to collect past due child support is a right to repayment which belongs
to the debtor personally and not as trustee for the children. Thus,
Henady allowed the bankruptcy trustee to collect the arrears as an asset of
the bankruptcy estate. Id. However, we believe Henady does not reflect
the current status of Indiana law.
The court in
Henady based its conclusion, in large part, on this Courts
holding in Lizak v. Schultz, 496 N.E.2d 40, 42 (Ind. 1986). In
Lizak, this Court held that the representative of the estate of a deceased
custodial parent was entitled to recover child support arrearages without proving the amount
of money that had been spent on the children. In discussing the
nature of child support, citing cases dating from 1865, we noted:
The description of the childrens custodian as a trustee has distant origins in
our law. Early cases seem to use this term to differentiate alimony,
paid to the former spouse for her benefit, from child support, payable to
the custodian of the child, regardless of whether the custodian is a parent
or not. It has been used to describe the relationship between child
and custodian and the obligation of the latter to seek enforcement of the
support order. It has not been used to permit the non-paying parent
to avoid the obligation of a support order.
Clearly, one who has present custodial responsibility can collect ongoing payments for the
support of the child. Only he can be the trustee of the
non-custodial parents ongoing obligation to pay. Similarly, one who has had the
obligation to care for a child and has advanced his own funds to
do so is entitled to collect the arrears from the non-custodian.
Id. at 42 (citations omitted).
III. Warsco Has No Right to Intervene
Warsco argues that because in Lizak this Court allowed the decedents estate to
recover the child support arrearages, the arrearages belong to the custodial parent and
can be included in the bankruptcy estate of the custodial parent. Lizak
rejected the delinquent parents effort to avoid his child support obligation by forcing
the custodian to reconstruct years of support. The practical effect of Lizak
is that a custodian may not be forced to reconstruct years of a
familys often poorly documented finances as a precondition to collection of support.
It prevents the non-custodial parent from raising an alleged misapplication of the funds
as a defense to payment. Indiana law allows the non-custodial parent to
request an accounting demonstrating that child support funds were spent on the child.
Ind. Code § 31-16-9-6 (1998). The accounting remedy is available if
there is a serious dispute as to the proper application of the funds,
but refusal to pay is not an option available to the non-custodial parent.
All of this is consistent with the view that the children are
the beneficiaries of the funds owed to the custodial parent as trustee.
Indeed, in rejecting the claim that the representative needed to prove that the
custodial parent had come up with the amount of arrearages from her own
funds, Lizak described the obligation of the non-custodial parent as that of a
debtor to the mother trustee. 496 N.E.2d at 42 (quoting Corbridge v. Corbridge,
230 Ind. 201, 206, 102 N.E.2d 764, 767 (1952), and Grace v. Quigg,
150 Ind. App. 371, 378, 276 N.E.2d 594, 598 (1971) (citations omitted)).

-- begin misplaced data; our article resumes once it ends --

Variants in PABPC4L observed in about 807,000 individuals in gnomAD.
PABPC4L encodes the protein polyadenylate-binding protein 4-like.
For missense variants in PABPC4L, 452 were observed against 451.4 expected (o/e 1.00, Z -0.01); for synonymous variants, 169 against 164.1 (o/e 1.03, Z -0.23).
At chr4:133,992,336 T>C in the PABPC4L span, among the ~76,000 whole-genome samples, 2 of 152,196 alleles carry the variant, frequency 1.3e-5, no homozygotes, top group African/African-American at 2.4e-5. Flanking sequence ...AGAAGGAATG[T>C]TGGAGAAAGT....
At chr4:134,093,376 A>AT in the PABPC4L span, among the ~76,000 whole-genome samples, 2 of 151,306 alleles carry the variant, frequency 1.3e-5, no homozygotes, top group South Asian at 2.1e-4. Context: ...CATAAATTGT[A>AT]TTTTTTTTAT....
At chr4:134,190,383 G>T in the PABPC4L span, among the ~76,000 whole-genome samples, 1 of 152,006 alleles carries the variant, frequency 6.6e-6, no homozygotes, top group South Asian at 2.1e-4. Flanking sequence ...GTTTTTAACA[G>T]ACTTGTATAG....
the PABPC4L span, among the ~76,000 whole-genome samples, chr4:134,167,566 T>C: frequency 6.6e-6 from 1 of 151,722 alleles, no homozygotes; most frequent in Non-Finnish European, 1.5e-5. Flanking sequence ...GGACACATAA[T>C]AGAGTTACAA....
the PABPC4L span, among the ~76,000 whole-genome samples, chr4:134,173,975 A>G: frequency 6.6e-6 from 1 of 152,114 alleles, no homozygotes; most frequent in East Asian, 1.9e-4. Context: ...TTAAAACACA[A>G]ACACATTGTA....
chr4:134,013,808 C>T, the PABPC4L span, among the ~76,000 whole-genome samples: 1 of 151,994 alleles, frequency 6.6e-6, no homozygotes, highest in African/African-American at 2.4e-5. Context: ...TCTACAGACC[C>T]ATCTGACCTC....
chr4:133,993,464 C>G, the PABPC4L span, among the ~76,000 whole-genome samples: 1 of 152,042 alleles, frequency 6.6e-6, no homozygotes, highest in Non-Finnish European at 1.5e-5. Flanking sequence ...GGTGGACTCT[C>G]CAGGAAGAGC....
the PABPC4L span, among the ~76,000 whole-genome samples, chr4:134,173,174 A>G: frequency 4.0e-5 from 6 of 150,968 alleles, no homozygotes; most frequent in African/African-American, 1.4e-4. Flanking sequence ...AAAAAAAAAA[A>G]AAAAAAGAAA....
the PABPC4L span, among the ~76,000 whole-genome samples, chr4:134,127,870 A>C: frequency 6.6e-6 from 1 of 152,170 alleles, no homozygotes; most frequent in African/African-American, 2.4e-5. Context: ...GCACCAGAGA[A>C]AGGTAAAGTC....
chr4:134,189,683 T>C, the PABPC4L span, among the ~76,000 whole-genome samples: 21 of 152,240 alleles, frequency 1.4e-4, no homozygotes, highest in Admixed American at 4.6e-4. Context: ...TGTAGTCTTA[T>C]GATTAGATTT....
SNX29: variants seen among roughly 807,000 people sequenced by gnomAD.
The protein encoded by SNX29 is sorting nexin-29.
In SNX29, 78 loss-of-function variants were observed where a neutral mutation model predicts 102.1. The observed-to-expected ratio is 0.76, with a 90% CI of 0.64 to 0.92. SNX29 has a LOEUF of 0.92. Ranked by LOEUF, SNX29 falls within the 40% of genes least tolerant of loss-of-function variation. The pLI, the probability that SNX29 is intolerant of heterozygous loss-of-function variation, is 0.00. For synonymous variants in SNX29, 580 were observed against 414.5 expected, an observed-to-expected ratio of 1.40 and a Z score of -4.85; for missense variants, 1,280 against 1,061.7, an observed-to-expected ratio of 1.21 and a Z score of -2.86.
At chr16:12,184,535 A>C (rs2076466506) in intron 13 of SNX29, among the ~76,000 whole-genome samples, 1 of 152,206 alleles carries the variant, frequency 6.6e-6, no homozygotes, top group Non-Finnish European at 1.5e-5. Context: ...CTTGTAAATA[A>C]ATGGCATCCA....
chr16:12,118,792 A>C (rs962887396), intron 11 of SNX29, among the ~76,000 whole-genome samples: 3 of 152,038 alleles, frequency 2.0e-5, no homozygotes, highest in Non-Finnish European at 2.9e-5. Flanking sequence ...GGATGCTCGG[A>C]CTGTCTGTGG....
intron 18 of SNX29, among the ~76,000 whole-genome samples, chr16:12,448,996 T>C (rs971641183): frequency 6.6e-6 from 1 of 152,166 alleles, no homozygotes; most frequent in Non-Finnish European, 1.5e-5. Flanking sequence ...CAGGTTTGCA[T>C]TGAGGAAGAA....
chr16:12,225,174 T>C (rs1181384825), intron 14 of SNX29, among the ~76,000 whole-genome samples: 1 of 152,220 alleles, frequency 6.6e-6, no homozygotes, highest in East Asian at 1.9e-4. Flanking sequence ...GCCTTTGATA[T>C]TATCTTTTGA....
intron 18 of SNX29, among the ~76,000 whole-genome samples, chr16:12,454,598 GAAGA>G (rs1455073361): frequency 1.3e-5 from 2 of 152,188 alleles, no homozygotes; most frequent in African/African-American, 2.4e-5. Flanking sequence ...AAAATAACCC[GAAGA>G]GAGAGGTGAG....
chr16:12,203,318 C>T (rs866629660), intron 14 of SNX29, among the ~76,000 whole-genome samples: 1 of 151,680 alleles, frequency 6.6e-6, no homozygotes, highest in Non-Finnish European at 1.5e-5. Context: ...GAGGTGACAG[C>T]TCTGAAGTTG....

And Lizak refers to the custodial parent as the trustee of the non-custodial
parents ongoing obligation to pay. 496 N.E.2d at 42.
The second case upon which
Henady relied is Linton v. Linton, 166 Ind.
App. 409, 336 N.E.2d 687 (1975). That case dealt with the enforceability
of an agreement between the parents to discharge the fathers delinquent support payments
for less than the full amount due. The Court of Appeals held
that although a custodial parent cannot make an enforceable agreement that future support
payments need not be made, when an arrearage accrues the custodial parent may
compromise or forgive the debt if the children had indeed received all of
the benefits intended in the original decree. Id. at 423, 336 N.E.2d
at 695. The record in Linton did not reveal whether in fact
the custodial parent had made up the shortfall. The court assumed that
the trial court had so determined and upheld the custodial parents release of
the delinquent support. Accordingly, Warsco and the Court of Appeals correctly suggest
that Linton implies that if the custodial parent can be shown to have
made up the deadbeats shortfall, the shortfall belongs to the custodial parent.
Linton was decided before Indiana Code sections 31-16-16-2 through 6 were enacted
and before this Courts holding in Nill v. Martin. Modification of support
arrearages is now prohibited by section 31-16-16-6, which permits a court to modify
a delinquent support payment only in two instances not relevant here.
Beehler v. Beehler, 693 N.E.2d 638, 640 (Ind. Ct. App. 1998) (A court
is without power to retroactively modify an obligors duty to pay a delinquent
child support payment.). Similarly, in Nill this Court stated, [O]nce funds have
accrued to a childs benefit under a court order, the court may not
annul them in a subsequent proceeding. 686 N.E.2d at 118. Nill
went on to invalidate an informal agreement made by the parents, then adopted
by the trial court, to reduce the amount of child support below the
amount ordered in the divorce decree. Nill makes clear that even as
to back child support the role of the custodial parent remains that of
a constructive trustee. Id.
We conclude that practical considerations and basic policy concerns prohibit permitting proof of
the source of expenditures for the children to establish the custodial parents individual
right to arrearages. As a matter of law, arrearages, like current and
future support, are held for the children, and the custodial parent has no